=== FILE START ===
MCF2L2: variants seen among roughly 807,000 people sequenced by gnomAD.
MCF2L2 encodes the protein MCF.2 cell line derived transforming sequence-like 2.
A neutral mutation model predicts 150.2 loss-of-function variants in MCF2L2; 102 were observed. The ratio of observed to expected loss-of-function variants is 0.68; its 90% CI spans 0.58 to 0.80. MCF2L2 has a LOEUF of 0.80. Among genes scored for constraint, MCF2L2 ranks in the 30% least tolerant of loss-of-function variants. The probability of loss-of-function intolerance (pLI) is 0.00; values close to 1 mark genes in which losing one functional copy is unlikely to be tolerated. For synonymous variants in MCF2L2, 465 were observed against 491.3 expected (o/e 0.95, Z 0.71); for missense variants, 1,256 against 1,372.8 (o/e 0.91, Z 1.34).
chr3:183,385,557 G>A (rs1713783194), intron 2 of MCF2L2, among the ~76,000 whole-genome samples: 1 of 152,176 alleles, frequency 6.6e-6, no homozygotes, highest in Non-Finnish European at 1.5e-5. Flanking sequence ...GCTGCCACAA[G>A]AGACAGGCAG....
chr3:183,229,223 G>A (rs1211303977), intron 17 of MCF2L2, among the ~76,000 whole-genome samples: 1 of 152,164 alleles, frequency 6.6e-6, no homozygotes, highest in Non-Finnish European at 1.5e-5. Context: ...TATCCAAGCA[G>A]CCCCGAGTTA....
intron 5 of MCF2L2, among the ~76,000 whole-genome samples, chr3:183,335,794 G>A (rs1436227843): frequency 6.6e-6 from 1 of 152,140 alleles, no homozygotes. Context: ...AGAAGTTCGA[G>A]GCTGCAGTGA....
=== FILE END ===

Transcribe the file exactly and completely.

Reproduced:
MCF2L2: variants seen among roughly 807,000 people sequenced by gnomAD.
MCF2L2 encodes the protein MCF.2 cell line derived transforming sequence-like 2.
A neutral mutation model predicts 150.2 loss-of-function variants in MCF2L2; 102 were observed. The ratio of observed to expected loss-of-function variants is 0.68; its 90% CI spans 0.58 to 0.80. MCF2L2 has a LOEUF of 0.80. Among genes scored for constraint, MCF2L2 ranks in the 30% least tolerant of loss-of-function variants. The probability of loss-of-function intolerance (pLI) is 0.00; values close to 1 mark genes in which losing one functional copy is unlikely to be tolerated. For synonymous variants in MCF2L2, 465 were observed against 491.3 expected (o/e 0.95, Z 0.71); for missense variants, 1,256 against 1,372.8 (o/e 0.91, Z 1.34).
chr3:183,385,557 G>A (rs1713783194), intron 2 of MCF2L2, among the ~76,000 whole-genome samples: 1 of 152,176 alleles, frequency 6.6e-6, no homozygotes, highest in Non-Finnish European at 1.5e-5. Flanking sequence ...GCTGCCACAA[G>A]AGACAGGCAG....
chr3:183,229,223 G>A (rs1211303977), intron 17 of MCF2L2, among the ~76,000 whole-genome samples: 1 of 152,164 alleles, frequency 6.6e-6, no homozygotes, highest in Non-Finnish European at 1.5e-5. Context: ...TATCCAAGCA[G>A]CCCCGAGTTA....
intron 5 of MCF2L2, among the ~76,000 whole-genome samples, chr3:183,335,794 G>A (rs1436227843): frequency 6.6e-6 from 1 of 152,140 alleles, no homozygotes. Context: ...AGAAGTTCGA[G>A]GCTGCAGTGA....